Both reify the jiva. But enlightenment as Sankara describe it, is that there is simply no one there to know anything. This is the purport of ‘neti, neti’ and Sankara’s US18.5: “When thou [mind] has ceased to function there is no notion of difference, through which one suffers through illusion, the delusion that there is a world”

    It is not that the mind has gained some knowledge; rather it no longer has any ‘I’ thought. And Gaudapada / Sankara / Suresvara make clear that the jnani no longer has any dealings with the world.

    In this context worth remembering
    BG4.24: The ladle is Brahman, the oblation is Brahman, the offering is poured by Brahman in the fire of Brahman.”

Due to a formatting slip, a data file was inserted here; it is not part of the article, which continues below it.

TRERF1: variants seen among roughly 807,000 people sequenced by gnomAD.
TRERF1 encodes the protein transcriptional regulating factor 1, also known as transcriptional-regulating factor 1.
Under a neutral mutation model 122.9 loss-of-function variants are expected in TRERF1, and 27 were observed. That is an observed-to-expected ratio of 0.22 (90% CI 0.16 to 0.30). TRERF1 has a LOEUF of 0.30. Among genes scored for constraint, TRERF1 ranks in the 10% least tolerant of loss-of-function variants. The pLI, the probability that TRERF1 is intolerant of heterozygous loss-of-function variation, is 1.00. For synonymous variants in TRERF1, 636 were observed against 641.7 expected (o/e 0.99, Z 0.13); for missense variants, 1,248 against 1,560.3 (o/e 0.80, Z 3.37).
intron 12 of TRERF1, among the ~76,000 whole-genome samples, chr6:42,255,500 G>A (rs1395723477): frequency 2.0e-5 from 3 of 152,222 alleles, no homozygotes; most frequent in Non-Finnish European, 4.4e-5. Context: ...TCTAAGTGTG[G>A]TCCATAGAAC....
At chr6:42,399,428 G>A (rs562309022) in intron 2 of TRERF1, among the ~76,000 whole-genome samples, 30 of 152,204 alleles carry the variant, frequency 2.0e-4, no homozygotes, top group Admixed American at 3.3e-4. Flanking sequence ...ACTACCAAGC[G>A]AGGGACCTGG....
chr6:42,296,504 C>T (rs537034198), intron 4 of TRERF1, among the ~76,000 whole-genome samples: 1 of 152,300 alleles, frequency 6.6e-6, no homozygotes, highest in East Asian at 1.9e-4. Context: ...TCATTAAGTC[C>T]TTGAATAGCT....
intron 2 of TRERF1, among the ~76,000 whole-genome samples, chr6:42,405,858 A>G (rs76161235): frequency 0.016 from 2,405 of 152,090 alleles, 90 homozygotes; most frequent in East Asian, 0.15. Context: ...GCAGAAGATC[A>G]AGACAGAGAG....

From Sankara’s bhasya:
    “Therefore all actions cease to exist for the man of realisation who knows the Brahman Itself is all this . . .
    Some say: That which is Brahman is the ladle. It is surely Brahman itself which exists in the five forms of accessories . . . there the ideas of ladle etc are not eradicated, but the idea of Brahman is attributed to the ladle . . .
    Response: But those who maintain that one has to superimpose the idea of Brahman on the ladle . . . cannot be the intended subject matter dealt with here, because according to them ladle etc are objects of knowledge. . . KNOWLEDGE IN THE FORM OF SUPERIMPOSITION OF AN IDEA CANNOT LEAD TO LIBERATION AS ITS RESULT.”

    Finally, it is worth quoting Sankara’s bhasya on BU2.4.12: